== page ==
You know, I just wonder how much people really try with those ‘cold’ and ‘unChristian’ people and that 100% truth church that they think they know so well because they’ve always been there, in body if not in mind. . .I wonder if they tried as hard as they do when exposed to the '90% truth church that to them would be new, offering new excitement and new “opportunity”.

Because for every “former Catholic” who extols the bliss of the ‘welcoming protestant church’ I have seen a half-dozen former protestants, now Catholics, who may now and then miss a particular friend, or a particular activity, who may not see that kind of activity at their new Catholic church, but who wouldn’t change 100% truth for any ‘ministry’ offered, anywhere.


#14

#15

There is a very encompassing notion when you are a Catholic to only accept that which comes from the magisterium if it is not written in scripture and sometimes accept what the magisterium says even in contradiction to scripture. This is much more focused to one that has been out of the Catholic realm for quite some time. Why do you believe that mary was taken into heaven body and soul? First, I do not believe this at all, but you must in order to be Catholic. What is the belief built upon?? Certainly not scripture, you won’t find a hint of this. It was a pope who declared this as dogma. This disproves your belief of the truth as never changing. If you believed this to be true before the pope of this time declared it as dogma you would have been involved in heresey. If you didn’t believe it after the pope declared it dogma, again you would be in heresey. How can the truth change all in one person?? Scripture does not speak to that ever!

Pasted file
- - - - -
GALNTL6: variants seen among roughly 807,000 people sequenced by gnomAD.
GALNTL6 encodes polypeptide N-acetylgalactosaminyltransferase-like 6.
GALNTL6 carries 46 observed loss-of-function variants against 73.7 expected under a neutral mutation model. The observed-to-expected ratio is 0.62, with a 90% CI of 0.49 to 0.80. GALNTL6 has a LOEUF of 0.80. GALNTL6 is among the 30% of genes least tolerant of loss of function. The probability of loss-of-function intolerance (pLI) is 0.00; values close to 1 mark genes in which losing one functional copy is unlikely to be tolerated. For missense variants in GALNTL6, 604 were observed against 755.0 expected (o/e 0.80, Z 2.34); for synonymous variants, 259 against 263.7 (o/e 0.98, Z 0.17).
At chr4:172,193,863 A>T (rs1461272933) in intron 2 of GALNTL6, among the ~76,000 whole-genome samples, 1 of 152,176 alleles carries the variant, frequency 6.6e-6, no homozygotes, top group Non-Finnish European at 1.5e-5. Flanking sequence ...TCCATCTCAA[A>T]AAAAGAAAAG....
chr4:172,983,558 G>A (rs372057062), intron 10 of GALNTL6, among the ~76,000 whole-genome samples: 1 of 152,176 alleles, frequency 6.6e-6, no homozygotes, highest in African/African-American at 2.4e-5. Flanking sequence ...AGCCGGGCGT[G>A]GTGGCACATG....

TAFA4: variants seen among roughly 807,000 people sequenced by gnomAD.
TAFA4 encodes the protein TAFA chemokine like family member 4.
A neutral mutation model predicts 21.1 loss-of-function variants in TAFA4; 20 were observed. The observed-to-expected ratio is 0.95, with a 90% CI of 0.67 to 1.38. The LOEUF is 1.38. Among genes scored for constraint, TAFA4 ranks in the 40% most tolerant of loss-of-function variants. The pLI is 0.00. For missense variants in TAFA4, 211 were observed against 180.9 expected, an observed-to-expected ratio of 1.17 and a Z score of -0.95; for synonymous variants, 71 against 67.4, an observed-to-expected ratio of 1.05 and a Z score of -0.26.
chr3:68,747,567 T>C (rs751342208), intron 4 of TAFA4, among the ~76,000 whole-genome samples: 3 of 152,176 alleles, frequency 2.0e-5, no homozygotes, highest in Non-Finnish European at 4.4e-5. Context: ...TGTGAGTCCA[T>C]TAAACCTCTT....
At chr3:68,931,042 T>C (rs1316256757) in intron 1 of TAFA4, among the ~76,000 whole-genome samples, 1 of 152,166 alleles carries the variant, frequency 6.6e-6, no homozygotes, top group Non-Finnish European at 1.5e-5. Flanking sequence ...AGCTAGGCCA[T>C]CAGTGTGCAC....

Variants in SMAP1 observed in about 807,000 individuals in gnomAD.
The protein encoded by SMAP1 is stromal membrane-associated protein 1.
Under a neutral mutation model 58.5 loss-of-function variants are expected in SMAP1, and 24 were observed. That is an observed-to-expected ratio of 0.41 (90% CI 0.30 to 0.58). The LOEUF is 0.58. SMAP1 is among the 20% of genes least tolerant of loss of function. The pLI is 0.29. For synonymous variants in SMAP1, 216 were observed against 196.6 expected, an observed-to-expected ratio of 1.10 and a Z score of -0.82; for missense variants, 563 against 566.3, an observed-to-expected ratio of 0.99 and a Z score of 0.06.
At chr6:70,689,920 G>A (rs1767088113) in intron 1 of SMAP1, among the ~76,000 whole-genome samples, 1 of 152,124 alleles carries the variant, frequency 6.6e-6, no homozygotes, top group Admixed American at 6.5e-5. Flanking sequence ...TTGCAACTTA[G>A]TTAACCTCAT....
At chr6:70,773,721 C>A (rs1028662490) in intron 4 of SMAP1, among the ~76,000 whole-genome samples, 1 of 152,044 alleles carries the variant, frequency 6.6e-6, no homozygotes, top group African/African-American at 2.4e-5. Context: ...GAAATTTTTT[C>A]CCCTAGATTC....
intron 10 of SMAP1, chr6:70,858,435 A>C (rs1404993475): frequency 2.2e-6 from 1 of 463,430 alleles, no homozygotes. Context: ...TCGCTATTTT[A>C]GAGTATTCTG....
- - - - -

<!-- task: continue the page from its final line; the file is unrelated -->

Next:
#16

My sincere apologies - I retract the ‘junk’ remark unreservedly.

Interesting that you would bring up what you yourself perceive to be a ‘smaller’ reason first rather than jumping straight in with the more weighty issues … glad you decided to bring the Assumption on!!!